The problem with it is you only get 1 days graph at a time. Id like to see 1 day, 1 week, 1month, 1year, 5 year, 10 year graphs.

That was why I wrote my own software.

patrick_keogh 1:16 pm 24 Jul 12

frontrow said :

Why would such a device ever need to be battery powered rather than plugging into the mains?

No, for the whole of house monitoring there are two bits. One goes in your meter box and clamps to the main supply wires. It transmits using wireless to another bit which is the display and PC interface.

The bit in the meter box is battery powered because there are typically no powerpoints there 🙂 The other bit is typically mains powered.

arescarti42 12:42 pm 24 Jul 12

frontrow said :

Why would such a device ever need to be battery powered rather than plugging into the mains?

Ostensibly so you can walk around the house with it and watch what happens when you do things like turn the dryer on.

frontrow 12:33 pm 24 Jul 12

Why would such a device ever need to be battery powered rather than plugging into the mains?

Tony 12:33 pm 24 Jul 12

http://www.smartnow.com.au/

I have one of these and its pretty good.
I also have the bridge device which you can buy from the store so I can access the data on their dashboard. The problem with it is you only get 1 days graph at a time. Id like to see 1 day, 1 week, 1month, 1year, 5 year, 10 year graphs.

My father also has one and he has it monitoring with total power usage, and total power produced from his 2k solar array.

Holden Caulfield 12:17 pm 24 Jul 12

I had an efergy, but I burnt it.

Special G 10:59 am 24 Jul 12

We have an Efergy meter. Don’t pay much attention to it now although when we first got it we adapted some of our habits and looked at some of our older appliances (fridge 15years old) and either stopped using them (dryer) or replaced (fridge). We were able to drop our power usage by half.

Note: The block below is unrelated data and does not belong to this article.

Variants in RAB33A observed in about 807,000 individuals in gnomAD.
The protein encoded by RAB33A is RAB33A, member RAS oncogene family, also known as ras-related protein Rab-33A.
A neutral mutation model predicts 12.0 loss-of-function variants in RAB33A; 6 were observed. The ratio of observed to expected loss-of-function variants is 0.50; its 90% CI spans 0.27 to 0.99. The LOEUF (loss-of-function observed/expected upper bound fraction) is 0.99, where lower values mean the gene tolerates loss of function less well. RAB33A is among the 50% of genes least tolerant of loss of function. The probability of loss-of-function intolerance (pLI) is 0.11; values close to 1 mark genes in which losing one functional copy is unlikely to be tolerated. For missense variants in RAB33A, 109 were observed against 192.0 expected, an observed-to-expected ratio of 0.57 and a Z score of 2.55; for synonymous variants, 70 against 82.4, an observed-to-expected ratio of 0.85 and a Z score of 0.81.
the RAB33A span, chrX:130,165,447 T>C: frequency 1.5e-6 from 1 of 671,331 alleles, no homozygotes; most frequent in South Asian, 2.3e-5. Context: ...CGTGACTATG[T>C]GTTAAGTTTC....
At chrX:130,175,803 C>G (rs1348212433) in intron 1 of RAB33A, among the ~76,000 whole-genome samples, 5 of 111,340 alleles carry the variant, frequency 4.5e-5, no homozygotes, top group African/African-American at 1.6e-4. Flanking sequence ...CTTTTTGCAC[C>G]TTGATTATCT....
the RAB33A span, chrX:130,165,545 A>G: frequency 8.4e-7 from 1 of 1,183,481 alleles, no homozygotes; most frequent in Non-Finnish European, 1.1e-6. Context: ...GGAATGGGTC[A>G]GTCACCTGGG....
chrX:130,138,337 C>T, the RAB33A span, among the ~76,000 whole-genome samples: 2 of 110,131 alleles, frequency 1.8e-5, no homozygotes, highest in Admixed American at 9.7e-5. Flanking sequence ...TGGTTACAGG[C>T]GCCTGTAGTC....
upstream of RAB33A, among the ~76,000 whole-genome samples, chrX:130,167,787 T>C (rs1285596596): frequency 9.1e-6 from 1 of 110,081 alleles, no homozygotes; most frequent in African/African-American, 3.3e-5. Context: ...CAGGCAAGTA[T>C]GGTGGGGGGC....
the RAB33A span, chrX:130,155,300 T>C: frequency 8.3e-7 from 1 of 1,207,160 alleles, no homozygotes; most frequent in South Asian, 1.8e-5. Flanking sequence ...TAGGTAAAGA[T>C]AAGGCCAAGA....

Good luck with it.

pirate_taco 10:49 am 24 Jul 12

I also have an efergy whole house monitor, and I also have problems with it picking up the signal within a normal house, and with batteries running flat (why would you build these with AAA size batteries?)
The real time accuracy of the monitor is also dubious.

patrick_keogh 10:37 am 24 Jul 12

I have a whole-house wireless electricity monitoring gizmo that I bought at Jaycar. It has multiple channels so I can monitor normal electricity and my solar power generation, or you could monitor off-peak or whatever. It has a computer interface so you can read the data and display it on your PC. I wrote an application that stores the data in a Google Docs database so I can do time series analysis just using a web browser.

arescarti42 10:27 am 24 Jul 12

I had an efergy whole house monitor where I last lived. It was useful, but my power box was on the far side of a metal garage some distance from the house (rural property), and the indoor display regularly had trouble picking up the signal. I suppose it would be less of an issue in a suburban setting. The other thing that annoyed me was the batteries in it seemed to run down fairly quickly.

The best one I ever had was installed by Country Energy, the indoor display was mains powered and it received the signal from the power box over the power line, sadly they discontinued whatever trial it was part of.

I now live in a unit and have made a habit of reading the gas and power meters whenever I think of it and putting the data in to an excel spreadsheet. Not as good as a real-time monitor, but a lot better than getting a bill 4 times a year. I average about $4.6 a day in gas and electricity.